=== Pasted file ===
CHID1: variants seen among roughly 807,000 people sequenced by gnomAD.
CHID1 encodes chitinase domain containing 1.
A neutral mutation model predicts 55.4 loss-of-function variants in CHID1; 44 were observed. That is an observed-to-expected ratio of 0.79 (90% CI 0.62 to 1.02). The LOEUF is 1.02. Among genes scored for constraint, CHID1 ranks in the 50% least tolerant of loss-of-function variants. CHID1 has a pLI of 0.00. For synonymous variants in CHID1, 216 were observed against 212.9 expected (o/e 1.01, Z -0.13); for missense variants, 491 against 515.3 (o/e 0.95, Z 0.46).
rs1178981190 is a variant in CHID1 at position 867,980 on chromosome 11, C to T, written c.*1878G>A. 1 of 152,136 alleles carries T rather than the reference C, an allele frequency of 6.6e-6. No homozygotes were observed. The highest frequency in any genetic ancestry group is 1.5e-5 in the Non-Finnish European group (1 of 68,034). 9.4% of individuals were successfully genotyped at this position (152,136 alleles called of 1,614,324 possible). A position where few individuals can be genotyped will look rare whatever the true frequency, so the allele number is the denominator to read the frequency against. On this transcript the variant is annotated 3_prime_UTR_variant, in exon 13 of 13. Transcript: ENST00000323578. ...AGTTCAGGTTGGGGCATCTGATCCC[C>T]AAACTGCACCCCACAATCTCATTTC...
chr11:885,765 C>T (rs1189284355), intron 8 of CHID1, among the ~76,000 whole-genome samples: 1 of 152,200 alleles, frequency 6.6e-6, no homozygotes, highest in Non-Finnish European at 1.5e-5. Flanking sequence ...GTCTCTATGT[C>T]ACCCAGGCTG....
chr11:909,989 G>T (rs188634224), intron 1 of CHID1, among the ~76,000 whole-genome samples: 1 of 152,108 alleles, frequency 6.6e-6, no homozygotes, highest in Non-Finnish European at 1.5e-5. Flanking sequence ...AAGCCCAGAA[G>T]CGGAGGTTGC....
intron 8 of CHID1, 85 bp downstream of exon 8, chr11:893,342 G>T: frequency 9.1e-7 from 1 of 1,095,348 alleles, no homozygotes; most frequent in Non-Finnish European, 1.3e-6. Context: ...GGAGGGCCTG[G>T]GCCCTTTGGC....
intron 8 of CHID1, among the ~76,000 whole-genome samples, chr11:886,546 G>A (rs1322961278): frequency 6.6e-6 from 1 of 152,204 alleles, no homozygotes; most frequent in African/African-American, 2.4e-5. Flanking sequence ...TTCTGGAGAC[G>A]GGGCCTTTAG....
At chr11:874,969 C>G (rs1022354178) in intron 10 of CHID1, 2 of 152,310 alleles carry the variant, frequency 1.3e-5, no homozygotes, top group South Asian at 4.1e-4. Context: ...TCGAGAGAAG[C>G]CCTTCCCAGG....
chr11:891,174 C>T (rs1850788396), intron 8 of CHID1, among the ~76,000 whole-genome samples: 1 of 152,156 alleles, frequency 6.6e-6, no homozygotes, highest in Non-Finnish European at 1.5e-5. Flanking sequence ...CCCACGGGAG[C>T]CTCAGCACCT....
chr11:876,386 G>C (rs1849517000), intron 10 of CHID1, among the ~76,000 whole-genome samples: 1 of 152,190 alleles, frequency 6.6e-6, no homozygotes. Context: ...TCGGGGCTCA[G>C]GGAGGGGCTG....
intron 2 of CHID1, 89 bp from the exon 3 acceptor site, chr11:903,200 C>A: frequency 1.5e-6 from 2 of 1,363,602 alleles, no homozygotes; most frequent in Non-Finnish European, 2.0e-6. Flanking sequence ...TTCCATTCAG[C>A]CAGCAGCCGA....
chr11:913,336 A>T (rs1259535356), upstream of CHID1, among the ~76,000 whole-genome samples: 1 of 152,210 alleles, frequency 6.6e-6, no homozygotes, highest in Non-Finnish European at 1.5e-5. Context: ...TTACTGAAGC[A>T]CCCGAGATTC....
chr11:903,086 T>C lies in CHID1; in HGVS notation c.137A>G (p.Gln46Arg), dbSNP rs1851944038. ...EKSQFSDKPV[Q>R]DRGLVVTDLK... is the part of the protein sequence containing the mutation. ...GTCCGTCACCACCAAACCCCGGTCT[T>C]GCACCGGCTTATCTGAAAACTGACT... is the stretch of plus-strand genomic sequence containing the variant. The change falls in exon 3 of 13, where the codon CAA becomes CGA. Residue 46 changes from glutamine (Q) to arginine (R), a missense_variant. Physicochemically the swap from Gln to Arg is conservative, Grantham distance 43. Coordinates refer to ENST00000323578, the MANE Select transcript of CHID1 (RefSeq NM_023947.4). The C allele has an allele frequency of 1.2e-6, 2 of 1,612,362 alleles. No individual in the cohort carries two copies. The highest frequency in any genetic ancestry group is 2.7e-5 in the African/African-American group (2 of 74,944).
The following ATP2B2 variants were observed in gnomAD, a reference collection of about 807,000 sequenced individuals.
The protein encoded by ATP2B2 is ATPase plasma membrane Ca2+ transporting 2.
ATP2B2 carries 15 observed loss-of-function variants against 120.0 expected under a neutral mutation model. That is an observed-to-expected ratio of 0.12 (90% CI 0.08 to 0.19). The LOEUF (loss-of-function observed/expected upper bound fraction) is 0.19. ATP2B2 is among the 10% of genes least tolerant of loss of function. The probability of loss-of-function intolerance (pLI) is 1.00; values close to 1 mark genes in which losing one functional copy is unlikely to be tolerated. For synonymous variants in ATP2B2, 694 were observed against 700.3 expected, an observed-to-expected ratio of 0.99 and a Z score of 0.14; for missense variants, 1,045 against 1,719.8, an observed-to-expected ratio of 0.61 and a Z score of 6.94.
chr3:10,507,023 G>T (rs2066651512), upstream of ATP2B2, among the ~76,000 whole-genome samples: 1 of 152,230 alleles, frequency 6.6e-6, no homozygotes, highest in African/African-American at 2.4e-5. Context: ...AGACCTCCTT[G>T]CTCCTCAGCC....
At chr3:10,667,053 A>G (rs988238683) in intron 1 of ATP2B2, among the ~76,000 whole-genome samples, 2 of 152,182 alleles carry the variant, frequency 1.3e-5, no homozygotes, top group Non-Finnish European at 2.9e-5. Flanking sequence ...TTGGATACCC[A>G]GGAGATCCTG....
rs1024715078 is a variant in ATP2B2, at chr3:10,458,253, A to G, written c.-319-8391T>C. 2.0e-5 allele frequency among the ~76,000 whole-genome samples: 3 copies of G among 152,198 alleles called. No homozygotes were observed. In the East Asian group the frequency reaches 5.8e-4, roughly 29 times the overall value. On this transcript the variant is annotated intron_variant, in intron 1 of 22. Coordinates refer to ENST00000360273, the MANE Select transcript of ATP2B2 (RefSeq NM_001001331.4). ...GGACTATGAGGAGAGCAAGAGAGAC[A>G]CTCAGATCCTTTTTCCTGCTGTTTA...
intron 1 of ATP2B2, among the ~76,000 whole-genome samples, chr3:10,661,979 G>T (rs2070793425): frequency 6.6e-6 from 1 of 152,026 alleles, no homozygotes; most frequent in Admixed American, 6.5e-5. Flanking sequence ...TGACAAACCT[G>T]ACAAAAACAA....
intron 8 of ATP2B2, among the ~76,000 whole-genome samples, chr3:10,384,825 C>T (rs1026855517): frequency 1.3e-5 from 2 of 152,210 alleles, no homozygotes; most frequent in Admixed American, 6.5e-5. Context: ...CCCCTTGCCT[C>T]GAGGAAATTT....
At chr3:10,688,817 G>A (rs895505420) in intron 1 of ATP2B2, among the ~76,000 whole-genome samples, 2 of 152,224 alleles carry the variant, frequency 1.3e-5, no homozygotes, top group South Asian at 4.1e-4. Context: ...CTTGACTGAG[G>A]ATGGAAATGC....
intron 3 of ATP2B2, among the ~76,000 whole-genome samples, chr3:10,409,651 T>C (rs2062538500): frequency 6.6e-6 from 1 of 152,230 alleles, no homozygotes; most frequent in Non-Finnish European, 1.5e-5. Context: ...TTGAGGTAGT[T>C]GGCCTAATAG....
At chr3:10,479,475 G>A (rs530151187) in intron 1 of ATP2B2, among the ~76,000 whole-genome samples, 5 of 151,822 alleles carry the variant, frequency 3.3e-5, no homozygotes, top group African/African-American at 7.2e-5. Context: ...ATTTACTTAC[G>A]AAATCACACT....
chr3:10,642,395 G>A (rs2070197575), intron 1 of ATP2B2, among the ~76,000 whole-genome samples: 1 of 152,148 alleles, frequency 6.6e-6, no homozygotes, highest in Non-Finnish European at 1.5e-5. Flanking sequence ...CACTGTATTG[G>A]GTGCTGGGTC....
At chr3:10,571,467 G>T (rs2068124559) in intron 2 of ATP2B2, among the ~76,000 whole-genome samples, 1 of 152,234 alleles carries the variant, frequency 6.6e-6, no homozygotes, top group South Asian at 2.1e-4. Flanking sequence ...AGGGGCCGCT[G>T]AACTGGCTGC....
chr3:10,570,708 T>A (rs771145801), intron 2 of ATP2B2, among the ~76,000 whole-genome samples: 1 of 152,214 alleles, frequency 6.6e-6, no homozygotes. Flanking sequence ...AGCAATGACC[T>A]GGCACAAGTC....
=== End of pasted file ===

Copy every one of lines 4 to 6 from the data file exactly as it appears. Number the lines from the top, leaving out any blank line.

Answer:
rs1178981190 is a variant in CHID1 at position 867,980 on chromosome 11, C to T, written c.*1878G>A. 1 of 152,136 alleles carries T rather than the reference C, an allele frequency of 6.6e-6. No homozygotes were observed. The highest frequency in any genetic ancestry group is 1.5e-5 in the Non-Finnish European group (1 of 68,034). 9.4% of individuals were successfully genotyped at this position (152,136 alleles called of 1,614,324 possible). A position where few individuals can be genotyped will look rare whatever the true frequency, so the allele number is the denominator to read the frequency against. On this transcript the variant is annotated 3_prime_UTR_variant, in exon 13 of 13. Transcript: ENST00000323578. ...AGTTCAGGTTGGGGCATCTGATCCC[C>T]AAACTGCACCCCACAATCTCATTTC...
chr11:885,765 C>T (rs1189284355), intron 8 of CHID1, among the ~76,000 whole-genome samples: 1 of 152,200 alleles, frequency 6.6e-6, no homozygotes, highest in Non-Finnish European at 1.5e-5. Flanking sequence ...GTCTCTATGT[C>T]ACCCAGGCTG....
chr11:909,989 G>T (rs188634224), intron 1 of CHID1, among the ~76,000 whole-genome samples: 1 of 152,108 alleles, frequency 6.6e-6, no homozygotes, highest in Non-Finnish European at 1.5e-5. Flanking sequence ...AAGCCCAGAA[G>T]CGGAGGTTGC....